The Science of the Dhyanalinga
In Sanskrit, Dhyana, essentially means “meditation” and linga means “form.” When a person comes to a deep state of meditativeness within himself, his or her energies naturally take the form of a linga. It is with this understanding that lingas came to be revered and worshipped in India. A linga is a perfect ellipsoid. Although generally associated with Shiva in the mythology – scientifically, this shape is the only shape that can serve as a perennial storehouse of energy.
The linga is created in such a way that even those who do not know meditation can experience meditation. This is a science: it does not belong to any religion. Whoever comes within the sphere of the Dhyanalinga has the power to reach the peak of consciousness.
Imbibing Dhyanalinga does not require devotion. One can approach it with devotion also, but even if there is no devotion, one can experience inner transformation just by being receptive and available to the energies of the Dhyanalinga.
There is a belief in India that if one wants wealth, one should visit a certain temple, if one wants health, one should visit another temple and so on. This belief is there because, generally, only one aspect of life is enshrined in a temple. In the Dhyanalinga, all the aspects of life are enshrined together in the form of the seven chakras.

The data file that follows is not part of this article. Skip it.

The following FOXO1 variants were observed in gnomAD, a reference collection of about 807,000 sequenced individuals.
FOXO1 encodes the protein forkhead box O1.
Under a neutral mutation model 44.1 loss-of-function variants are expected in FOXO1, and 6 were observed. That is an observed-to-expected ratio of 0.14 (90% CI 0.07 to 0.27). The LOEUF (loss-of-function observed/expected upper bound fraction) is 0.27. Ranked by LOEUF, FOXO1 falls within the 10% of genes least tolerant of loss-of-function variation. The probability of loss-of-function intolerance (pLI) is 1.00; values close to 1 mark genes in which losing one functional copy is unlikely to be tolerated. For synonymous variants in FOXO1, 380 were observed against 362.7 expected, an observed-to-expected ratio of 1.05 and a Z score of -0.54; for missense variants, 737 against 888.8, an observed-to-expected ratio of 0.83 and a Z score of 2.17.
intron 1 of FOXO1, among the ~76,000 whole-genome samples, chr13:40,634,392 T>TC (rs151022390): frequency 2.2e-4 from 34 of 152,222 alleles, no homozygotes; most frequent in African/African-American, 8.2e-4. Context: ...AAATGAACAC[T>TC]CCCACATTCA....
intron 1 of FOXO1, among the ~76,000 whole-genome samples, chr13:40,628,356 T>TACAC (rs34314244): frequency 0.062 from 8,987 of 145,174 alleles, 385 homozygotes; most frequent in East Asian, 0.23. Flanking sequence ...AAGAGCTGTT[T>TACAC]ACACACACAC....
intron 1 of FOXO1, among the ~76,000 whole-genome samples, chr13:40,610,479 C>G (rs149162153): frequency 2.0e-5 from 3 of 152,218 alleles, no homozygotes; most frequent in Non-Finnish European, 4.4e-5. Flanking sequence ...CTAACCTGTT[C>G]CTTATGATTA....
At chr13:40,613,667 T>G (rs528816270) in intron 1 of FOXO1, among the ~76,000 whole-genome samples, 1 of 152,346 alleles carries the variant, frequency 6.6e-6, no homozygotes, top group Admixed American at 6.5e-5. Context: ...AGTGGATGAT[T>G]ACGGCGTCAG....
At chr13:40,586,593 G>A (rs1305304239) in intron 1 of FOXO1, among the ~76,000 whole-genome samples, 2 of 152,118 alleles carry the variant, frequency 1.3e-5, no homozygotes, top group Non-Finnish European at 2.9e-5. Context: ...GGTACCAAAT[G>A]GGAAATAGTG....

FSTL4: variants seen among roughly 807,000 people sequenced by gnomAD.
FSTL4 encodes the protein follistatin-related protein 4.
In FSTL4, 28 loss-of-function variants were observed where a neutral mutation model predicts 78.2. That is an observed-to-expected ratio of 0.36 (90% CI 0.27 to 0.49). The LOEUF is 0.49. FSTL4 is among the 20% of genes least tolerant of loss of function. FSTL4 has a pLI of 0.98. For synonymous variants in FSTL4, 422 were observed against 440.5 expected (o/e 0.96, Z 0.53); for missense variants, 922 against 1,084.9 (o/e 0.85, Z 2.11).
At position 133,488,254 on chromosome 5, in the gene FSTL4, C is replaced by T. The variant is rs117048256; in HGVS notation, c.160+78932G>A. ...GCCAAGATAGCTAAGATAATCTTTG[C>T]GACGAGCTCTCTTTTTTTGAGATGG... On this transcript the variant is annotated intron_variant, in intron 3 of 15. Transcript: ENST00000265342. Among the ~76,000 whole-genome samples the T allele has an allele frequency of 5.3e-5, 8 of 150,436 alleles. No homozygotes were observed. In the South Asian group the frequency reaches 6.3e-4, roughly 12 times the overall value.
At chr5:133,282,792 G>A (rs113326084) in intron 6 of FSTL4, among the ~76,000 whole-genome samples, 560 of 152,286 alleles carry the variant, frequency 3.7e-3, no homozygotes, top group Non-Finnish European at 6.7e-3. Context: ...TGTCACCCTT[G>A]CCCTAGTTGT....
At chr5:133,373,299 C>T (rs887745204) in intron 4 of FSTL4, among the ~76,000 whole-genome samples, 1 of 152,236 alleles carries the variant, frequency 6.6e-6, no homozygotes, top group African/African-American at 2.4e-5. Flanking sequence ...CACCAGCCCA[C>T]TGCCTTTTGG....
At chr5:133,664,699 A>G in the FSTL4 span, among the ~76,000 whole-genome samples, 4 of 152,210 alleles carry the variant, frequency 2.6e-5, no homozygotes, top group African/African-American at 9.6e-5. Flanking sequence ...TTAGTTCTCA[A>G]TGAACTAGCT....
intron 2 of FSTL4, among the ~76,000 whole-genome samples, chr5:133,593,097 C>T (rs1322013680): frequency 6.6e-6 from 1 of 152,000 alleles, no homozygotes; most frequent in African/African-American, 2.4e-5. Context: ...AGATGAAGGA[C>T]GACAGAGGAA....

"The core of every galaxy is always an ellipsoid. A perfect ellipsoid is what is referred to as a linga. So the first form, from un-manifest to manifest-when it begins to manifest as creation-the first form that it takes is always the form of an ellipsoid.
And from our experience we know if you raise your energies to a certain pitch, the final form that your energy takes before dissolution is also that of an ellipsoid.
So the linga is seen as a doorway to the beyond, from both ends. The first form of manifestation is an ellipsoid. The final form of dissolution is also an ellipsoid. So because the A and Z of creation happen to be the linga, it is seen as a doorway to the beyond. " - Sadhguru